There is nothing more comforting than a big bowl of soup. I am going to teach you how to make homemade chicken stock with little to no effort.
As far as I’m concerned the “king” of soups is homemade chicken soup. I know what you’re thinking, “Are you crazy? I don’t have time to make chicken soup it takes all day” or “my soup never has any flavor” (we used to call that chicken shadow soup when only the shadow of chicken passed through the water).
Well, I’m here to help. My blog is not called Crocked Under Pressure for nothing. One of my objectives is to teach you to cook with two appliances that will really help with your time in the kitchen. One of them is the slow cooker and the other one is the Pressure Cooker. I don’t use an “Instapot”, I use a good old fashioned Pressure Cooker with a pressure valve and everything. Here is a picture of my Fagor 6 qt. I got this for a Christmas gift from my mom quite a few years ago and it has been one of my go-to pots.
The stock can be made in 45 minutes instead of the normal 3-6 hours (Depending on how long you like it to cook on your stove). Because of the pressure, you don’t lose any of the flavors of the stock, it is intensified. In order to have control over the amount of sodium, I don’t add any salt until I’m ready to use the stock. I may not use the stock for just soup, I also use it to build and flavor sauces.
There are so many benefits to cooking the stock yourself, regardless if you are using a Pressure Cooker or making it on top of the stove. Richer flavor, less sodium, you know what your ingredients are and how it’s made.
Ok, my base is started with 1-2 rotisserie chickens from Costco, (you know those wonderfully stinky chickens). They are a nice size and nothing will go to waste because you will end up using the entire chicken. If you are getting the chicken from your local grocery store, depending on the size of the chicken, you may want to consider using two chickens because they tend to be smaller.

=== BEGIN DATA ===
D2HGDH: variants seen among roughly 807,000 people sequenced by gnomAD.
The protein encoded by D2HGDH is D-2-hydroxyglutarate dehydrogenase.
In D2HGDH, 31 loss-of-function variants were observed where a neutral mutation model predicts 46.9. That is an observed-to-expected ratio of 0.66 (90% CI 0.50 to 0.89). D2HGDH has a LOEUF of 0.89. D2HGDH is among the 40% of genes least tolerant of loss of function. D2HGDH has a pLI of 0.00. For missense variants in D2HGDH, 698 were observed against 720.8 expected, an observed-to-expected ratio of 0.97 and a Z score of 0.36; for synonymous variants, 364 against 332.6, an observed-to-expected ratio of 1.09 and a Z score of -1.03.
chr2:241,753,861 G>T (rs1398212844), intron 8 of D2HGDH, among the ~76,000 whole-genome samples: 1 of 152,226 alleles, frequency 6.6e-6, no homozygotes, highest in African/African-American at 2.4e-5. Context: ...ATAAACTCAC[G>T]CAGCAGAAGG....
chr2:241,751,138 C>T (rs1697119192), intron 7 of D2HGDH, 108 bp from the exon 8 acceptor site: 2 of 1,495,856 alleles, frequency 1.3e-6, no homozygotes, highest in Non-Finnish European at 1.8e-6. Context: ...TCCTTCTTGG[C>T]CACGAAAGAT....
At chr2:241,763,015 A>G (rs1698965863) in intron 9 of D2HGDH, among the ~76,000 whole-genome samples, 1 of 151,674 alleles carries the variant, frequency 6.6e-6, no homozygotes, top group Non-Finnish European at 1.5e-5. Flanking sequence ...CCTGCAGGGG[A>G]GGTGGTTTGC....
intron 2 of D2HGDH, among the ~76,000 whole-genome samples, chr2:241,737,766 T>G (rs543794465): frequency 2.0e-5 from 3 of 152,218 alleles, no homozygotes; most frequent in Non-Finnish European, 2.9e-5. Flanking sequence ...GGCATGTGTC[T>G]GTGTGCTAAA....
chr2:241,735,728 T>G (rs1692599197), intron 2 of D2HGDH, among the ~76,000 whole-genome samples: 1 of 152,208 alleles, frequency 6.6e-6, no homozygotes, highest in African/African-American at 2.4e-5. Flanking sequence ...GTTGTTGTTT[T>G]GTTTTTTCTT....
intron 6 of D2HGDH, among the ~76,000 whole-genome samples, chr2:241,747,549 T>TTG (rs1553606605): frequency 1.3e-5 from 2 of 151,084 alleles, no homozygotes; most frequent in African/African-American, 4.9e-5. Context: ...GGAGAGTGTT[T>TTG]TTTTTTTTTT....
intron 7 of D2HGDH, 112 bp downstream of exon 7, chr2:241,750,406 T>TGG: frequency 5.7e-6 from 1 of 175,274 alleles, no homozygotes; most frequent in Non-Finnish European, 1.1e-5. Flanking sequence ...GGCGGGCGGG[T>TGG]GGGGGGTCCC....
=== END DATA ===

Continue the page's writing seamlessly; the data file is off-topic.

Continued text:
One good thing about making stock, you don’t have to worry about chopping. You may have to cut some of the vegetables in half, but most of the time you’re just going to throw the vegetables whole into the pot. As matter of fact, as long as the veggies are washed thoroughly, you don’t even have to peel them. Even the onions! The onion skins will actually provide a deep rich color to your stock. Don’t forget, you’re not going to eat these veggies, their sole job is flavor and flavor only. Just make sure you wash them.
OH about those veggies, most supermarkets have soup greens already packaged and ready to go in their produce department. Grab a couple of those packages. Even if you don’t use all the veggies up, you can snack on them while you are waiting for your stock to finish or use them in a different recipe. Just a small warning, most will come with dill. I remove and save the dill for other recipes. I don’t like to use dill in my stock because it will cause it to sour, especially if you don’t plan on using the stock right away. If you like you can add a small sprinkling at serving time.
All I can say is you need to make this or you will be missing out. If you like greens, this makes an awesome Escarole and Bean soup, but that’s a recipe for another time. I hope you enjoy this and when you do make it let me know how you made out and if you used it for anything other than soup.